Yes, Virginia, Ethics Does Recognize Humor


Craig Klugman

Publish date

Tag(s): Legacy post
Topic(s): Art Cultural Ethics Gender Disparities Politics

by Craig Klugman, Ph.D.

A Facebook connection, we can call them Virginia, recently posted an image of a metal ring with electrical prongs. The caption said “Introducing the new Trump is not my president ring, insert it into an outlet and bam, Trump is not your president.” Of course, plugging in a metal ring that you are holding into an electrical outlet would electrocute and potentially kill a person. The message is that people who are not supportive of the President should be die. This is not the first time this person posted a similar concept. Each time I point out that it is ethically unacceptable to espouse that a person should be killed for their beliefs. The response was, “But it’s funny. Doesn’t ethics recognize humor?”

Yes, Virginia, ethics does recognize humor, but not humor that debases others, or implies that a person should be harmed for holding a thought that differs from one’s own. I suggested that she change the concept of “Trump is not your president” with “Bam [blank] is no longer present”. The blank could be Jews, gay people, women, or people with disabilities. Does that change whether this is funny or is horrifying? Is it still funny if the group being derided is one to which you belong? The result was silence.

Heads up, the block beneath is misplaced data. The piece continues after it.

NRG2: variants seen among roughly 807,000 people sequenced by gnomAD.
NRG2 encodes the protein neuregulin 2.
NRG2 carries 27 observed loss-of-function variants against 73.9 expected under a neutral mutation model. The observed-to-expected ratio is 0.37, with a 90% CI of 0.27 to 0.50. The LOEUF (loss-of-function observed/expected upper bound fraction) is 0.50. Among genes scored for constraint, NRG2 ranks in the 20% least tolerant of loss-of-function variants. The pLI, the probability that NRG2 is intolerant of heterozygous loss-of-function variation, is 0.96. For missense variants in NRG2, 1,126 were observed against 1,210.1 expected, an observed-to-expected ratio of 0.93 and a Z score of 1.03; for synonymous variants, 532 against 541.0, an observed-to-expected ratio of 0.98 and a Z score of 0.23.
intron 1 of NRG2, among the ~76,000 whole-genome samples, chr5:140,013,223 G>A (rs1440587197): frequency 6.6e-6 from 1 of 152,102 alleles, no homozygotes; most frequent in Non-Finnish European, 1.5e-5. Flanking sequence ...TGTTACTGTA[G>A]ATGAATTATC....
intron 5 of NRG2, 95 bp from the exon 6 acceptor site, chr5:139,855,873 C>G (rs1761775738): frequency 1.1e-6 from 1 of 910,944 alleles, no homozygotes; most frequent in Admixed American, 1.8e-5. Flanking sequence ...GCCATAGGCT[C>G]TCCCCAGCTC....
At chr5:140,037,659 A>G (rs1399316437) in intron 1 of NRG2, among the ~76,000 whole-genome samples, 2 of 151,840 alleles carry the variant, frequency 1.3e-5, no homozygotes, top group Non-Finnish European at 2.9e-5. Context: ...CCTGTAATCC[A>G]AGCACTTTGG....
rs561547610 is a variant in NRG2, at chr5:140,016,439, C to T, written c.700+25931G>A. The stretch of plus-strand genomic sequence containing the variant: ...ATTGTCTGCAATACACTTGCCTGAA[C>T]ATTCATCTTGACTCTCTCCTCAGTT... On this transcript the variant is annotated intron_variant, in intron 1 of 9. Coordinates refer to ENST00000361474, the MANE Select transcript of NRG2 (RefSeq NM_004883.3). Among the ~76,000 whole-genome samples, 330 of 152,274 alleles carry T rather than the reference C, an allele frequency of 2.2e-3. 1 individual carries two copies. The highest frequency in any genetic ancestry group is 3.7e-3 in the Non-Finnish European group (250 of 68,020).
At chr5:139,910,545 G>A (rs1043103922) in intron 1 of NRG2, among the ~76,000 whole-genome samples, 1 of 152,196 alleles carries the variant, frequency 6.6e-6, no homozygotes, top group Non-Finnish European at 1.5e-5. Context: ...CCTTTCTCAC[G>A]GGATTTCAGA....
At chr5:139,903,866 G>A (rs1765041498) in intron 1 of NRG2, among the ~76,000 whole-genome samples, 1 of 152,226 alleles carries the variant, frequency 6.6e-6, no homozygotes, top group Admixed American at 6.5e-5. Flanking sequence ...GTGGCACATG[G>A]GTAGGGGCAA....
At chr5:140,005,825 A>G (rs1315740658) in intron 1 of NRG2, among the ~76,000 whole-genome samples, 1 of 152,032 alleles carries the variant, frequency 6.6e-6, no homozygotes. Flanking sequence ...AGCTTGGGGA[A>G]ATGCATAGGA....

The author improvising in a show, 2009

After 35 years performing, teaching, studying, and producing improvisational comedy, I know a thing or two about funny. Thomas Hobbes in Leviathan said that humor is a “sudden glory” when one realizes superiority over another. This is likely the reason for the meme above: It is an attempt to say that one’s position supporting an office holder makes them better than others. It is an argument that does not rely on logic because often there is none. It is a way to dehumanize and demean people who hold different points of views. Humor can be used to maintain the status quo by making people the target of jokes. Humor can be used to establish or reinforce racial, gender, body shape, sexual orientation, political viewpoint, and other group stereotypes. Consider the President who regularly gives people “funny’ nicknames aiming to diminish that target. Usually he uses this tactic for people who do not loyally follow him without question.

Power is not the only use of humor, nor is it the only thing makes humor funny. Novelist and poet George Meredithwrote in 1877’s An Essay on Comedy and he Use of Comic Spirit that something is funny when we expect one thing and suddenly are given something else. Meredith builds on Kant’s description of humor as incongruity in The Critique of Judgement. That sense of funny can be amusement but it can also be discomfort.

As the history of bioethics has shown time and time again, when you objectify and demean a group of people, it becomes easy to stop thinking of them as human and thus, easier to treat them as something less. Dehumanized patients and subjects are often treated poorly, experimented on without their permission, separated from their families for seeking a better life, denied basic human rights, and killed.